Monday, November 14, 2005

Slip Slidin' Away

My friend Pat invited me and another friend to go and buy olive oil where they actually make it last Sunday. This place is a real family operation only about ten minutes from my house.

When we got there, we found out we would have to wait while they pressed it and bottled it for us. So, within the space of an hour, the olives went right from the basket to five-liter containers for us! You can't get it much fresher, can you?

I had never seen olive oil making before, and generally I don't like those types of things. Years of touring breweries, wineries, and distilleries, mostly in Germany, convinced me of the ho-hum qualitiy of such operations. I mean, who cares how it's made??

However, this was a bit more interesting. For one thing, the entire operation was in one big room, probably the size of about four garages. Cases and cases of fresh olives were stacked up outside, waiting to be pressed. This was the place the locals brought their olives to be pressed for their own oil use, primarily. The tile floor was slippery from years of oil-pressing.

First, they weighed the olives and recorded it. Next, the olives were put by hand into a sorter-masher that spit out the seeds and leaves and crushed the pulp into almost a paste. That paste came out of a spigot in a round pattern on a large flexible disk, probably about 2.5 feet in diameter. A worker put the disk with olive pulp on a spindle, stacking them up probably 3-4 feet high. When it got to that height, he rolled it over to one of the four presses in the room and put the whole stack in the press. Over the course of about an hour, the huge press squeezed all the oil out of the olives. It dripped and rolled down the sides of the disks and into a tray where it was strained and then siphoned to a holding tank.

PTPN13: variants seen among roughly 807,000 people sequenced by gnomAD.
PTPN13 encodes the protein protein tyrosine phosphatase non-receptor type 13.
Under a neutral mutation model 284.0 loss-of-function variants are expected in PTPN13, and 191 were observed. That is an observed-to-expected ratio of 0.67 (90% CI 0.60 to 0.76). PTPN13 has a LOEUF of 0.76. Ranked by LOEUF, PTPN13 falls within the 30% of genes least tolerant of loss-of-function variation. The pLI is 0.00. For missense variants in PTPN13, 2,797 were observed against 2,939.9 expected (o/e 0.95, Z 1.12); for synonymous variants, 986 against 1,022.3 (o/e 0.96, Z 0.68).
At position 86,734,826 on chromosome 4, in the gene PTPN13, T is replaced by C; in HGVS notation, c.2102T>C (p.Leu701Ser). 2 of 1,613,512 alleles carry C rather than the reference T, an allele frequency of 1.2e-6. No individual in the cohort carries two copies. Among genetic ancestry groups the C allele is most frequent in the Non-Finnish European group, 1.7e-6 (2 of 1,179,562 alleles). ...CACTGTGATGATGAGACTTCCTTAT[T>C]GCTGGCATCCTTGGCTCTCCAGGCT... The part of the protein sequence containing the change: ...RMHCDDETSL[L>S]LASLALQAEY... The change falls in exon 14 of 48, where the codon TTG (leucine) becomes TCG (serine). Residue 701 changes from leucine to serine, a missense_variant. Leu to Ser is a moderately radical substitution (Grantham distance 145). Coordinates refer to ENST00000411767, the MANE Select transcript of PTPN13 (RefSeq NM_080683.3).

The Sicilians were there with all sizes and kinds of containers, both glass and plastic, which were then filled from a spigot by the head olive-man. He then weighed it again and charged them by weight.

This is the greenest olive oil I've ever seen, greener than you will ever see in a store, and it smells wonderful. We didn't participate, but the regulars were actually drinking the oil in little shot-glass sized paper cups. Don't ask if this is virgin or extra-virgin--there is only one kind of olive oil in Sicily, and this is it! When I tap my gallon container, I'll let you know.


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